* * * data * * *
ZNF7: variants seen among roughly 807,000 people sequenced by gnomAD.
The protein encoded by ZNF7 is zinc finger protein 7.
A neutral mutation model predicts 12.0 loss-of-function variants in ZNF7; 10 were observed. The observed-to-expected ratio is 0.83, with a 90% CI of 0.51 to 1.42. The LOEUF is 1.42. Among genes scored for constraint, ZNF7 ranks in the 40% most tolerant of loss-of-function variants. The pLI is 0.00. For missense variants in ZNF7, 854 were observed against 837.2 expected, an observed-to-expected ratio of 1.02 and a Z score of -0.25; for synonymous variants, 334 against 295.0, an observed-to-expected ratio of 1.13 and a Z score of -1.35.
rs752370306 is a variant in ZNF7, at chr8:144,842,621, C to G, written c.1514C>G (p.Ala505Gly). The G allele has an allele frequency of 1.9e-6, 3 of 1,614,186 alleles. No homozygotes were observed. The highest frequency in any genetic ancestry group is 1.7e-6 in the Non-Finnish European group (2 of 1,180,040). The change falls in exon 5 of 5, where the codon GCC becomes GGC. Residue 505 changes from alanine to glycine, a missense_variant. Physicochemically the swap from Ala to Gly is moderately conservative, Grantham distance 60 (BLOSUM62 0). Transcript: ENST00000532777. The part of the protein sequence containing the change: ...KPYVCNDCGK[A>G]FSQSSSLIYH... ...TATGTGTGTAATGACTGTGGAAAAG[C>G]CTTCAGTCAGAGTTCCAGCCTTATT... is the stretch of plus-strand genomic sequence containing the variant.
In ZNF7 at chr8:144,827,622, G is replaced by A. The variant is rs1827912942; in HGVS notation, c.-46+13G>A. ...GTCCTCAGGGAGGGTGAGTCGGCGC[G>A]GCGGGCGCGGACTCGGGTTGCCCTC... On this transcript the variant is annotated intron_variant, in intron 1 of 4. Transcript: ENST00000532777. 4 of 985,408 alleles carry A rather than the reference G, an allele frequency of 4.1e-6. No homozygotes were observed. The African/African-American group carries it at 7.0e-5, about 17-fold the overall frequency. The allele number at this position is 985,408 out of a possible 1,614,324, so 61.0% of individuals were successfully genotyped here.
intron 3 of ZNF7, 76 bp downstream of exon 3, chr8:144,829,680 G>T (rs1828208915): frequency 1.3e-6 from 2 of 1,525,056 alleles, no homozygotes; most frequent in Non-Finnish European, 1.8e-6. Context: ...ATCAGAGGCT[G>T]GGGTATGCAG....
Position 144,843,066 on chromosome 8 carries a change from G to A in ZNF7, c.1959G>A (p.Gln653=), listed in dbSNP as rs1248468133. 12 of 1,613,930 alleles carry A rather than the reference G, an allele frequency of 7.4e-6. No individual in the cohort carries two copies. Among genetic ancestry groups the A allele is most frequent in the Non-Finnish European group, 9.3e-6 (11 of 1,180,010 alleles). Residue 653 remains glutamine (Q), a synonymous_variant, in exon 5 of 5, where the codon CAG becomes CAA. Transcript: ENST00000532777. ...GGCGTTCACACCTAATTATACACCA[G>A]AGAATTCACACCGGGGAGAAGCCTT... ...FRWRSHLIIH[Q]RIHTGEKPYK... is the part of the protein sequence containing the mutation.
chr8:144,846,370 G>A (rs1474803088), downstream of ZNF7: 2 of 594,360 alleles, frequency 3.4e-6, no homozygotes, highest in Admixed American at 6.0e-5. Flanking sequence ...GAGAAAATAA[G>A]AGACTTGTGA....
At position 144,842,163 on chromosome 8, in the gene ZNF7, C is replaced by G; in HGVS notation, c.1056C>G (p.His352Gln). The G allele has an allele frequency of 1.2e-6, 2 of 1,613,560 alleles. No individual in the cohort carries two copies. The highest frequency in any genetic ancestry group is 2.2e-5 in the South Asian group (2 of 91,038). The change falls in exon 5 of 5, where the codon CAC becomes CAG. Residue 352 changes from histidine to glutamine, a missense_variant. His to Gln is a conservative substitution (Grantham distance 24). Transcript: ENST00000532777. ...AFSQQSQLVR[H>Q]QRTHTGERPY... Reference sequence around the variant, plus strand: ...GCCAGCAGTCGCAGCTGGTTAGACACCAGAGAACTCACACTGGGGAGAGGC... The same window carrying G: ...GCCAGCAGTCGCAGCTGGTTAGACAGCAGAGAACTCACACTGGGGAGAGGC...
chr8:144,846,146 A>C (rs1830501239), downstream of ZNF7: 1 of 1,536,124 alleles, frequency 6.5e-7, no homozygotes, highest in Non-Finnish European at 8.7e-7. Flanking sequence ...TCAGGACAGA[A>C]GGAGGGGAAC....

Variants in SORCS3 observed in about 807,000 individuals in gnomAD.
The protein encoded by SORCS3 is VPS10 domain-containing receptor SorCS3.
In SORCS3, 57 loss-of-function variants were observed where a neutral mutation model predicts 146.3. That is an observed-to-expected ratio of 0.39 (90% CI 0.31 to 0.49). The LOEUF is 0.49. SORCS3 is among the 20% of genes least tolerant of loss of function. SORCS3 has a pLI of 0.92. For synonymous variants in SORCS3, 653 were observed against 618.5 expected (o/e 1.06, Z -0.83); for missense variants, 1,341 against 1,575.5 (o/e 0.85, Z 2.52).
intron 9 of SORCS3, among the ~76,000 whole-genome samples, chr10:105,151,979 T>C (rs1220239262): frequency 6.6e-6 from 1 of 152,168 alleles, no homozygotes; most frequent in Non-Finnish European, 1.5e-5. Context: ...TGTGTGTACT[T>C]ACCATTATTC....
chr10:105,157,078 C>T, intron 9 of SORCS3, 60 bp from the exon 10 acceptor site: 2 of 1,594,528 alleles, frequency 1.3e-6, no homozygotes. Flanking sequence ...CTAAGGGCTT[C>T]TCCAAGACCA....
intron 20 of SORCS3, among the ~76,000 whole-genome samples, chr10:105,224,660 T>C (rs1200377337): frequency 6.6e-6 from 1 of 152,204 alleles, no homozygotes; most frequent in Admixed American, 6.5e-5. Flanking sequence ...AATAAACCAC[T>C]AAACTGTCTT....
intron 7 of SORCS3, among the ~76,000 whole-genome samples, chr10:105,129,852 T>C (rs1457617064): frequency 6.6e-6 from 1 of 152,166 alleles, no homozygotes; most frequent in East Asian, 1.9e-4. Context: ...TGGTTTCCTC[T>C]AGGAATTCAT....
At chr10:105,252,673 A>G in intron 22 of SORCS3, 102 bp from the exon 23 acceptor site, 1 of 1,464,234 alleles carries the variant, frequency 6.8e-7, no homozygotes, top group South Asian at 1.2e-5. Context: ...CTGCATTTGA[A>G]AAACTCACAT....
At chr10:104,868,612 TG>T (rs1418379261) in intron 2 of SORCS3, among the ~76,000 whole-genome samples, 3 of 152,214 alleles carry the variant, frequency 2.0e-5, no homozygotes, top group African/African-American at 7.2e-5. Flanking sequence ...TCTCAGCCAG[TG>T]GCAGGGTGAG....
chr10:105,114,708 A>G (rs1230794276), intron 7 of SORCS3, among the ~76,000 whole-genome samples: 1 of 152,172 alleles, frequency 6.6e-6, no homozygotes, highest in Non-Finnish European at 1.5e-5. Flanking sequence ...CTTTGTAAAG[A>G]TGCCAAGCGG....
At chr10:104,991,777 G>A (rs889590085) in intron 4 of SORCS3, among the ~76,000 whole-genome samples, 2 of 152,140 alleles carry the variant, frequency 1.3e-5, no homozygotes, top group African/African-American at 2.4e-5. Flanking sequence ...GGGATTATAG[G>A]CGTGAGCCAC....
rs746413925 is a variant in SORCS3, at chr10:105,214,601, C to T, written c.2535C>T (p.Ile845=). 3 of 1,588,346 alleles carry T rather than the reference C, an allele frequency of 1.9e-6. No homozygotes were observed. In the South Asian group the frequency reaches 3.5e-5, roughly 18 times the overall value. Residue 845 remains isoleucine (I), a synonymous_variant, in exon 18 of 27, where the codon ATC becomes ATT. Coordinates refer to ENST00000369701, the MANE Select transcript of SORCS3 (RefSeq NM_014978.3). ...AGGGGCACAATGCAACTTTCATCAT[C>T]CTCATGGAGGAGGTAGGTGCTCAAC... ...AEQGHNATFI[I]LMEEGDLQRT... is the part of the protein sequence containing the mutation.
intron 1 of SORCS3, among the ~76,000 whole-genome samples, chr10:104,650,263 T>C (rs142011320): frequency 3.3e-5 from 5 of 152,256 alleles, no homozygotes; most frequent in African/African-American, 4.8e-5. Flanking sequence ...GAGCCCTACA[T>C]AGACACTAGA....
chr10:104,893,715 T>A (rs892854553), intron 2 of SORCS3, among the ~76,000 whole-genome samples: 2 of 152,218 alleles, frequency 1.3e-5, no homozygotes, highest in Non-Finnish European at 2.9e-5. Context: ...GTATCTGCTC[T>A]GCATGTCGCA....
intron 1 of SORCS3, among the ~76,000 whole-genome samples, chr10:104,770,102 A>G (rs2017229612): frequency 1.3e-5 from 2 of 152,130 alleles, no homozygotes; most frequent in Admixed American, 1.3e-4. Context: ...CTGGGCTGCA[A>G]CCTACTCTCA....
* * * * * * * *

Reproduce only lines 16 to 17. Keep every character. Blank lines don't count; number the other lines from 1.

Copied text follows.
intron 20 of SORCS3, among the ~76,000 whole-genome samples, chr10:105,224,660 T>C (rs1200377337): frequency 6.6e-6 from 1 of 152,204 alleles, no homozygotes; most frequent in Admixed American, 6.5e-5. Flanking sequence ...AATAAACCAC[T>C]AAACTGTCTT....
intron 7 of SORCS3, among the ~76,000 whole-genome samples, chr10:105,129,852 T>C (rs1457617064): frequency 6.6e-6 from 1 of 152,166 alleles, no homozygotes; most frequent in East Asian, 1.9e-4. Context: ...TGGTTTCCTC[T>C]AGGAATTCAT....